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Home : Media : User Case Studies : Commercial List
In the world of golf, players are always looking for ways to improve their game, and equipment manufacturers are always looking for ways to give their customers an edge. Cleveland Golf / Srixon, an internationally recognized maker of golf clubs with a strong tradition of innovation, wanted to explore ways to increase the performance of their drivers. Their engineers turned to MapleSim, a physical modeling and simulation tool from Maplesoft, to help them in this project.
Engineers at the Shanghai Maglev Transportation Development Company Ltd (SMTD) recently chose MapleSim, Maplesoft’s multi-domain modeling and simulation software, as a core part of a new commercially funded controls research laboratory.
Unmanned planetary exploration is a focus for many space research agencies worldwide today. To do this successfully, advanced autonomous robotic rovers are needed. Dr. Amir Khajepour, Canada Research Chair in Mechatronic Vehicle Systems and Professor of Engineering in the Mechanical and Mechatronics Engineering department at the University of Waterloo (UW), is working with the Canadian Space Agency (CSA), Maplesoft, and the Government of Canada, to develop a full solution for the power management system of autonomous rovers. Dr. Khajepour is a leading figure in mechatronics and robotics and he has chosen MapleSim, an advanced physical modeling tool from Maplesoft, as a key tool in his project.
Claude Bourgeois, an engineering consultant and former Centre Suisse d'Electronique et de Microtechnique (CSEM) researcher, used Maple to model barrel springs made of composite materials compatible with deep etching on silicon. The use of composite materials should double the running time, i.e. the operating time of watches when they are at rest.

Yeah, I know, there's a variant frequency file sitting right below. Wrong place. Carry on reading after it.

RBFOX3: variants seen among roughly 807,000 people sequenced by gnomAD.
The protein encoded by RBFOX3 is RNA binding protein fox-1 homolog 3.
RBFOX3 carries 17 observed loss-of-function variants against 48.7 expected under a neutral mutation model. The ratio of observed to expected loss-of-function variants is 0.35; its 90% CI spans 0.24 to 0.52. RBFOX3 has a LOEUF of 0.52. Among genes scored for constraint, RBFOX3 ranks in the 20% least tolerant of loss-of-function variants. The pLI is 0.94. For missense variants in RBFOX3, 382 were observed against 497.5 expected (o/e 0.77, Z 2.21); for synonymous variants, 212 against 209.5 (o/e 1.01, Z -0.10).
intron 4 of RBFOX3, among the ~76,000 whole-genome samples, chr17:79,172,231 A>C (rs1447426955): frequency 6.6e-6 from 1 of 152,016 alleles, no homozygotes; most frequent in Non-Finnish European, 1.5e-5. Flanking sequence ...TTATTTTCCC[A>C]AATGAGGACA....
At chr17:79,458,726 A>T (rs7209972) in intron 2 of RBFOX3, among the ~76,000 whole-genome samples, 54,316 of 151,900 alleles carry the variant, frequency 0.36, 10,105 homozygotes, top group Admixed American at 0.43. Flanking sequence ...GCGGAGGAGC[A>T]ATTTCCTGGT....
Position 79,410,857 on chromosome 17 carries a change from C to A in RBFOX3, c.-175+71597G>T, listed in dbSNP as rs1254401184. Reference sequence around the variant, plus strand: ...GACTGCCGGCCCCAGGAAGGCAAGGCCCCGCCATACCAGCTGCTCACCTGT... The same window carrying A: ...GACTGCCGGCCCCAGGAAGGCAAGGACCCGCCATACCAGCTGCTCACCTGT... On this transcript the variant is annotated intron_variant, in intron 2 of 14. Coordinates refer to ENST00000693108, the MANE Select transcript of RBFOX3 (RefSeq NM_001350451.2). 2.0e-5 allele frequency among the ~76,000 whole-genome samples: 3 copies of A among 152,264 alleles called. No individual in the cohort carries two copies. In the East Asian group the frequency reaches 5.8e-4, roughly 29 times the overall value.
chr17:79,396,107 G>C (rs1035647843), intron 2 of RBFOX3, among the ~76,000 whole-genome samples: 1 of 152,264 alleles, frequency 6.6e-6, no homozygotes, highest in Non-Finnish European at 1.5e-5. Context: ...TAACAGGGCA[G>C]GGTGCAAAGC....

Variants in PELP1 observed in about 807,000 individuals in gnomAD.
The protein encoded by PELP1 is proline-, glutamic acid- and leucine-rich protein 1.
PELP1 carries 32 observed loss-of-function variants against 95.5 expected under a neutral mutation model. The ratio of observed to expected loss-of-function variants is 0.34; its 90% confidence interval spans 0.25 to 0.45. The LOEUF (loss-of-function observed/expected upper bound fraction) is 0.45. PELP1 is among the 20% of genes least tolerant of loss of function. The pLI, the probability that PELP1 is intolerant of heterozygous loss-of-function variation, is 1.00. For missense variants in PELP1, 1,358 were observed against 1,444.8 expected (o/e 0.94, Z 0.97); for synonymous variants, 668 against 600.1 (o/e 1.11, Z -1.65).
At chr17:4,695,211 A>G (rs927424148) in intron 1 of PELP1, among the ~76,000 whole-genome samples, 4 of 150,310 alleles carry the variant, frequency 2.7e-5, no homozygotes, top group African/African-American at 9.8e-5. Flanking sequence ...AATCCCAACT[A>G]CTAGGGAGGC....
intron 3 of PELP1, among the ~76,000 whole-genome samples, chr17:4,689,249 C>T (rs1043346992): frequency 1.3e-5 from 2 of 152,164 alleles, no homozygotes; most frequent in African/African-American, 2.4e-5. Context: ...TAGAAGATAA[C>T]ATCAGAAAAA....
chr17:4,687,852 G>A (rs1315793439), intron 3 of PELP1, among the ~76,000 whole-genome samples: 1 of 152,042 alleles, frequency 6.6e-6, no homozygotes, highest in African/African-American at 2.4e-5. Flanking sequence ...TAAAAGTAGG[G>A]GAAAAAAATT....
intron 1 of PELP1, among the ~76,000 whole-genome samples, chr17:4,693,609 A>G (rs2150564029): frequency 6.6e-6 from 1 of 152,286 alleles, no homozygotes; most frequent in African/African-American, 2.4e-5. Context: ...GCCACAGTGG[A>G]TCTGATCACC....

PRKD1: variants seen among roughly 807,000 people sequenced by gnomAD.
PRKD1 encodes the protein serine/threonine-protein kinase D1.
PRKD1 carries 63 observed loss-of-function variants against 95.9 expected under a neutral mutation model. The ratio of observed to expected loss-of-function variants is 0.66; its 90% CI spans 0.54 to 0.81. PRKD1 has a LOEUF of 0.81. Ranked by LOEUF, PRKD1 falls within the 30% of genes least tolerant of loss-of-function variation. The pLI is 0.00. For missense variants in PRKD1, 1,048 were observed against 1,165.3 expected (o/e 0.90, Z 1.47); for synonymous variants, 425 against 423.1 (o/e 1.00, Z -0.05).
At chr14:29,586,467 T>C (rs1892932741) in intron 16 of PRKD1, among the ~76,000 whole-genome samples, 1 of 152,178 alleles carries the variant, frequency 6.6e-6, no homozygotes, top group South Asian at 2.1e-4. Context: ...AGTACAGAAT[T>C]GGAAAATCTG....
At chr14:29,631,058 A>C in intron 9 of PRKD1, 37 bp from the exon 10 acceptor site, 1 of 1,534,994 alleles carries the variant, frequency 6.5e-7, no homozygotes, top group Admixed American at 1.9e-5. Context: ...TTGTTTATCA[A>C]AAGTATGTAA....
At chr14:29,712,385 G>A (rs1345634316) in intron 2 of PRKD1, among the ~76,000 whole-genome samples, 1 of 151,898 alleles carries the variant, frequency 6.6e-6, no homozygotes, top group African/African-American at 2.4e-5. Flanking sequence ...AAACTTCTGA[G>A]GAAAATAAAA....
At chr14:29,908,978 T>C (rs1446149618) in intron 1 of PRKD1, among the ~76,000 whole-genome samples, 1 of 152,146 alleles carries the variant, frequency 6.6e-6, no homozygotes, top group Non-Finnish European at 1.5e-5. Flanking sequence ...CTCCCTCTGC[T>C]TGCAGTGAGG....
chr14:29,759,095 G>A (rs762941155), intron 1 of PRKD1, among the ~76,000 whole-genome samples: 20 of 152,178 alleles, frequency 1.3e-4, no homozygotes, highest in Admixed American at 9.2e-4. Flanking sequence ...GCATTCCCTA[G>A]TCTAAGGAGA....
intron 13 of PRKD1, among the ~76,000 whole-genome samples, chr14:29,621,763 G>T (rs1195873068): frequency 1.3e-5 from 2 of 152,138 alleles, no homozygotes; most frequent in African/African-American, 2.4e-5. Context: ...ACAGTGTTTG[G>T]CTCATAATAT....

Bone is a complex tissue, which is highly optimized for biological and mechanical functions. Researchers are currently examining how bone architecture changes with age and how it alters when various pathologies are present or absent. In particular, the prediction of bone fracture remains elusive.
Dr. Maria-Grazia Ascenzi of the Department of Orthopaedic Surgery at the University of California, Los Angeles (UCLA), performs research in her Bone Micro-Mechanics laboratory to better understand bone micro-structures. She conducts experimental biomechanics on bone micro-specimens and uses the powerful computational abilities of Maple to model the percentages and orientations of the various elementary components and the details of fundamental micro-level units of compact bone.
David Parker, an engineer with many years of experience working in electronics engineering and related fields, has always been interested in the topic of renewable energy, particularly solar energy. For a recent course on Laplace Transforms and Applications, Parker wrote a paper on the analysis in the s-domain of a series RLC circuit. In the paper, he predicts the response of a bandpass filter RLC circuit using theoretical Laplace transform techniques, and then compares his calculated results with simulated measurements from MapleSim and with the actual physical response of a breadboarded circuit. The resultant MapleSim simulations for frequency, impulse, step, and ramp responses matched the theoretical predictions extremely well.
“[My work] would have been much more difficult without Maple and MapleSim,” said Parker.
MapleSim is a high-performance multi-domain modeling and simulation tool that is based on an intuitive block-diagram design. It allows engineers to simulate complex systems quickly by dragging, dropping, and connecting a wide range of pre-built physical components from multiple physical domains. It also provides an environment for creating new components.
Dr. Ed Melcarek, an experienced engineer based in Ontario, Canada, with a flair for creating small, unique, and very intriguing technical applications, recently discovered MapleSim. He exploited MapleSim’s innovative user interface and powerful engine to model the solutions in two creative projects.
Everyone from business travelers to weekend warriors understands the importance of battery life and the frustration of dealing with drained laptop batteries. Because approximately 200 million computers are manufactured in the world each year, this issue is not trivial. Alan Elbanhawy, a power systems industry expert, investigates ways to optimize battery life in notebook computers.He worked with the widely popular engineering and mathematics software Maple from Maplesoft to develop three applications dealing in great depth with power loss mechanisms in these converters. The research helped engineers better understand the power losses inherent in these devices and enabled them to refine their design process, save energy, and help the environment.